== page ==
BOISE -- Chances are, if you ask any longtime Idahoan, they would tell you winter these days doesn't compare the winters we used to see 30 years ago.
People used to shovel more, there was more snow on the sides of the roads, and winters in general, were wetter.
New research is showing they might be right.
Idaho's Chief Meteorologist Rick Lantz traveled to Seattle to speak with scientists who are on the leading edge of researching weather patterns like La Nina and El Nino, and how they effect Idaho.
Scientists have been able to tell us that this is a La Nina year -- very important to many industries in Idaho.
At some point, there may be a way to forecast the weather decades in the future, and those answers could be in the water.
At the Pacific Marine and Environmental Laboratory in Seattle, scientists are studying the ocean and its effect on weather, the snow pack, fire seasons, and fisheries.
The ocean is like a freighter. Once it starts in a direction, it's hard to stop, said Dr. Mike Mcphaden. Each one of those dots is a doughnut shaped float at the surface, that is anchored to the ocean floor with old railroad car wheels.
The buoys Mike referred to were put in place 30 years ago. Mike Mcphaden and his team have been replacing them once every year, ever since.
Each one of them sends back oceanic and atmospheric data which helps scientists predict weather patterns in advance.
This information, we can feed into forecast models so we can see El Nino coming six to nine months in advance. La Nina as well, said Dr. Mike Mcphaden.
Both El Nino and La Nina are results of sea surface temperatures in the equator between Australia and Peru.
El Nino is associated with warm surface temperatures, creating a mild winter.
La Nina-- cool temperatures and a cold wet winter.
When the El Nino develops in the tropics, we have a pretty good shift in the odds for the kind of winter we'll expect and Idaho kind of sits in the middle of the bulls eye for where this effect has the most impact and reliability.
This winter has been a La Nina, one of the strongest we've seen in the past 50 years.
There is typically a La Nina or El Nino every three to seven years.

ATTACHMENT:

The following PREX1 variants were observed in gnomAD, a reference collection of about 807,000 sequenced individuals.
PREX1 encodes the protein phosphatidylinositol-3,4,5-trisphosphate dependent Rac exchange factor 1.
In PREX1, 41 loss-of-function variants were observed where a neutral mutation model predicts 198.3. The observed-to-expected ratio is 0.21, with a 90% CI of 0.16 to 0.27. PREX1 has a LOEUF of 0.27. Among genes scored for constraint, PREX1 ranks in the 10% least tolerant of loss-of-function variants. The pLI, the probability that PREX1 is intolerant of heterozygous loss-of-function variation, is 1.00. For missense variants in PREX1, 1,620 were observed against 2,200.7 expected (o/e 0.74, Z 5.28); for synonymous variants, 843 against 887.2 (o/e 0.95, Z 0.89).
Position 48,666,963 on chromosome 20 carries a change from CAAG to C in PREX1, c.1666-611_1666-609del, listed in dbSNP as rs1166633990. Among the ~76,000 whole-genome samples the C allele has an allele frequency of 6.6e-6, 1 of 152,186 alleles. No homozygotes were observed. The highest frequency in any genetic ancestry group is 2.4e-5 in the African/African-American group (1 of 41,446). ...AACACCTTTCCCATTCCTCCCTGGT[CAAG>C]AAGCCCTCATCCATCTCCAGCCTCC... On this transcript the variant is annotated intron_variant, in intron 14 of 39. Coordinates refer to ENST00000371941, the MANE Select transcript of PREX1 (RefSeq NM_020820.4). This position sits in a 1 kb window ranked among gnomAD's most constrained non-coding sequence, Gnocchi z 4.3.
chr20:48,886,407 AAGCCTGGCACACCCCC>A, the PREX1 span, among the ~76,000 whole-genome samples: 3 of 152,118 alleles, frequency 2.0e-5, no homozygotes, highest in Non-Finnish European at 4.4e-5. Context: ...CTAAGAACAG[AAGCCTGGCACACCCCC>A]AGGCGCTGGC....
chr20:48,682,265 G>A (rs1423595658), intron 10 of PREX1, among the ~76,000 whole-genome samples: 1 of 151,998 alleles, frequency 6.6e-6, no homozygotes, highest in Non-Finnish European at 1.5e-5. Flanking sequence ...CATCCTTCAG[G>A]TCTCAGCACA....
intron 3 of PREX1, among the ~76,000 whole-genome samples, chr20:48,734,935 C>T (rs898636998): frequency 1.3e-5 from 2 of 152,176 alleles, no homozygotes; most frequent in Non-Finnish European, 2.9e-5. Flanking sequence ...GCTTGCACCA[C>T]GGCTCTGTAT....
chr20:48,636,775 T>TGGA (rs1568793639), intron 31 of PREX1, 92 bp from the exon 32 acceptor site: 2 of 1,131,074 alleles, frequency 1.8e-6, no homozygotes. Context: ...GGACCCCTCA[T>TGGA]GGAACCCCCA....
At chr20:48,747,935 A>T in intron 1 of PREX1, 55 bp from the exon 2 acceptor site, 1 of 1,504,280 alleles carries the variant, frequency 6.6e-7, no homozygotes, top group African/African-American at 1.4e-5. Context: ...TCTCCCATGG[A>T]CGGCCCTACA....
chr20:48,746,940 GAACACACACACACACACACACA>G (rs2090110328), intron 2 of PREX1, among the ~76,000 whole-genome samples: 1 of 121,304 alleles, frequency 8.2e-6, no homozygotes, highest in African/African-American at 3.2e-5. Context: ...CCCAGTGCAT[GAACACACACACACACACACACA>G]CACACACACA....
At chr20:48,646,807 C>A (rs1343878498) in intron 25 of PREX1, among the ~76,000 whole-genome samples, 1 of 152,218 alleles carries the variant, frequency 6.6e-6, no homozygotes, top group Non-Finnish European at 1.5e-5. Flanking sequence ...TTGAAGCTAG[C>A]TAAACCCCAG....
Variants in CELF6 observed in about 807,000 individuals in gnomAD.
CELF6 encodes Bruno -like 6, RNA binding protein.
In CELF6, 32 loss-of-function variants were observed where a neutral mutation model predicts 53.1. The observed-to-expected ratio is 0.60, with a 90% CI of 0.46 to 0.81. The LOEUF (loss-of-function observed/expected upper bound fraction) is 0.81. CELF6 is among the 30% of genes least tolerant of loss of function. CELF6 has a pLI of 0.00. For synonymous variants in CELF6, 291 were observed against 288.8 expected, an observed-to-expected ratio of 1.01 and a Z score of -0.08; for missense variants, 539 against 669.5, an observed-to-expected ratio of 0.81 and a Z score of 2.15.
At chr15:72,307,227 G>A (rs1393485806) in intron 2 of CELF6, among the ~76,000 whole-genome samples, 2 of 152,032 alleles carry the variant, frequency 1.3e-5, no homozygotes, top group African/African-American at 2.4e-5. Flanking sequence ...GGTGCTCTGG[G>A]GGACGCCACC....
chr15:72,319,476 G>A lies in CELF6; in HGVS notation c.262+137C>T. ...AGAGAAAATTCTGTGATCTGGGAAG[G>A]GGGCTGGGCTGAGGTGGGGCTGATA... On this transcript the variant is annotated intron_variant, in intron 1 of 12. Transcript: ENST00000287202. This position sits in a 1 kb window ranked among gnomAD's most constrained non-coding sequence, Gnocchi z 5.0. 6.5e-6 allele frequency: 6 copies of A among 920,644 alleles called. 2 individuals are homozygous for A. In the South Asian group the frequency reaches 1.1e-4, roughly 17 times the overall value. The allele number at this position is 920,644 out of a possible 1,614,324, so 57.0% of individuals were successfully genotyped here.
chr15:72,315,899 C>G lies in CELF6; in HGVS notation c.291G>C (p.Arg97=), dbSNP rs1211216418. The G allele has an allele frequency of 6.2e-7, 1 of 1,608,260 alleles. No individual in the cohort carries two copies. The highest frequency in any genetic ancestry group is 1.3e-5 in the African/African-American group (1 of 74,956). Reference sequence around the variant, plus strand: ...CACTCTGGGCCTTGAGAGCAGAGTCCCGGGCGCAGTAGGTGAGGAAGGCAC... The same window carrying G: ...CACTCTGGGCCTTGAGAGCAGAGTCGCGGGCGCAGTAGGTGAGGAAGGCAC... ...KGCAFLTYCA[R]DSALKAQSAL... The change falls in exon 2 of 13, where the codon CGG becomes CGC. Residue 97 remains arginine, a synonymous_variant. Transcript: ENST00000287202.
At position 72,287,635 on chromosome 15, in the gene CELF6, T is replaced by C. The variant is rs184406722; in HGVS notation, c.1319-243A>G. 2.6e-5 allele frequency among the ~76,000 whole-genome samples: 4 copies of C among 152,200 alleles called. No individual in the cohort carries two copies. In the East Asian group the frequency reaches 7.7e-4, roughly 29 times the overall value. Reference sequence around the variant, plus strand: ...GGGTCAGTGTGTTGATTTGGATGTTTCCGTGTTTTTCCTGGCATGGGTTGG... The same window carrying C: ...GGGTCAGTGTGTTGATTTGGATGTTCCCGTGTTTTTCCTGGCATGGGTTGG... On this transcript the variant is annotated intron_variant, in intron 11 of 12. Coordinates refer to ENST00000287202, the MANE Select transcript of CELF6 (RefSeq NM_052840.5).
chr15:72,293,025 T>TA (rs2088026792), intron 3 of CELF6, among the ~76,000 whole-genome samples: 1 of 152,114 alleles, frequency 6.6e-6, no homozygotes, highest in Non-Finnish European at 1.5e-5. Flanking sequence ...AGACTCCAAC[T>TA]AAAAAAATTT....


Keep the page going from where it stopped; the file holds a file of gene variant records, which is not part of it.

Nate Mantua has been studying the effects of the weather on ecosystems in the northwest.
One of my particular interest is salmon fisheries, said Mantua, who is an atmospheric scientist.
From the high mountain streams in Idaho and their journey to the ocean, there are several factors helping or hurting salmon survival.
It turns out that years we have a cold ocean and we have really good north winds that cause the upwelling of nutrients that fertilize the ocean in the spring and summer those tend to the years when salmon from Idaho have the highest survival rate that grow the fastest that come back in the biggest numbers, said Mantua.
Those years tend to follow La Nina winters, which means get your fishing pole ready for salmon season 2012.
It's like skiers. They know La Nina is good for the northwest for skiing generally it's really a good thing, El Nino not so good, said Mantua.
But being able to forecast a few weeks in advance is just the tip of the iceberg for this research. Remember those buoys out in the pacific ocean? Those were set up in the 1980s.
Scientists are now working to put new ones in the northern pacific, where they have recently discovered a pacific decatal oscillation, a new theory that may lead to forecasting weather trends that could last decades rather than months.
We know that from the last century, the period from about the mid 40s to 1976 was characterized by having lots of cool, wet and snowy winters in the Pacific northwest, said Mantua. The two decades before that, and the two decades after that, were characterized by being warmer and dryer for most of those years.
The goal now is to get enough data from climatology or weather history, to make a forecast that extends years into the future.